Thursday, April 16, 2015

Tell Your Boss Not to be Afraid of Failure

Success today often depends on being innovative and testing boundaries, but with that comes the risk of failure. While failure can certainly be an important part of the learning process, it also can bog down projects or processes.
But what if there was a roadmap that used best practices and research to show how to embrace failure better and faster? Would that be a key to competitive advantage?
A new book, “Fail Better,” by Anjali Sastry and Kara Penn aims to show organizations and leaders how to create the conditions, culture and habits to “systemically, ruthlessly, and quickly figure out what works.”
Penn says that the “fail better method” is “is the first repeatable approach that helps managers, team leaders, anyone really—design work to allow for the greatest level of experimentation, risk and learning.”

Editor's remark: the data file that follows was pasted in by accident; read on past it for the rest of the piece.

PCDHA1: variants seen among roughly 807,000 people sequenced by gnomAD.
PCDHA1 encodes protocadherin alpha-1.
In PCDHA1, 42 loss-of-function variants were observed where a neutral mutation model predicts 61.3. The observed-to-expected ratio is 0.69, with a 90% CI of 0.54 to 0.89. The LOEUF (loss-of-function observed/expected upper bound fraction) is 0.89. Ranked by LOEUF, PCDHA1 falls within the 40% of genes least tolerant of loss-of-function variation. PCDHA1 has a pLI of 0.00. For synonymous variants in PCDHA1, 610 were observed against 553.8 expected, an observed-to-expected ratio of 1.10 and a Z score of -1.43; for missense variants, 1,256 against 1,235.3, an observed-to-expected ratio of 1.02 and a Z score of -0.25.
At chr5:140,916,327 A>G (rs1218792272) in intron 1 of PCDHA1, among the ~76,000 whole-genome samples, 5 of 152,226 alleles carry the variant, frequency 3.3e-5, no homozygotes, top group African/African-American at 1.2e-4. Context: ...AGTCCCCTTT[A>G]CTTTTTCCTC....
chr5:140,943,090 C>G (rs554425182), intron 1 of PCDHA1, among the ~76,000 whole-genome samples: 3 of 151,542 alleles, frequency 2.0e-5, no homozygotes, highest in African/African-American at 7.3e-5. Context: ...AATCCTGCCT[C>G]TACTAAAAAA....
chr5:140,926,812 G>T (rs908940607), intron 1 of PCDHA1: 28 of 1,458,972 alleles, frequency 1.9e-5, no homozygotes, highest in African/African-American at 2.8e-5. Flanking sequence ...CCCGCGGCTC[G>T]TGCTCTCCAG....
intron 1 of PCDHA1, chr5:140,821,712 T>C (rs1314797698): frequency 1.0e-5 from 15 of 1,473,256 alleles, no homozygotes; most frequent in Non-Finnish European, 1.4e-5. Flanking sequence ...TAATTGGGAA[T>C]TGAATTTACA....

That is done, she explains, by focusing on three areas:
  1. Launch. The book points out that you don’t want to over plan and set things in stone at this stage. A project should be considered in context, while anticipating outcomes as tied to a series of logical assumptions. This is the time to pull together resources and look at the skills and capabilities each person on a team can bring to the table.
  2. Build and refine. As the project starts to move forward, don’t think of it as a huge beast headed toward a desired outcome. Instead, chunk the work “in such a way that actions elicit critical information that can inform next steps, and that allows for uncovering flaws in thinking and action early on in the process,” Penn says. “When actions are chunked for iteration, teams can build in more calculated risks – allowing for (read more here)

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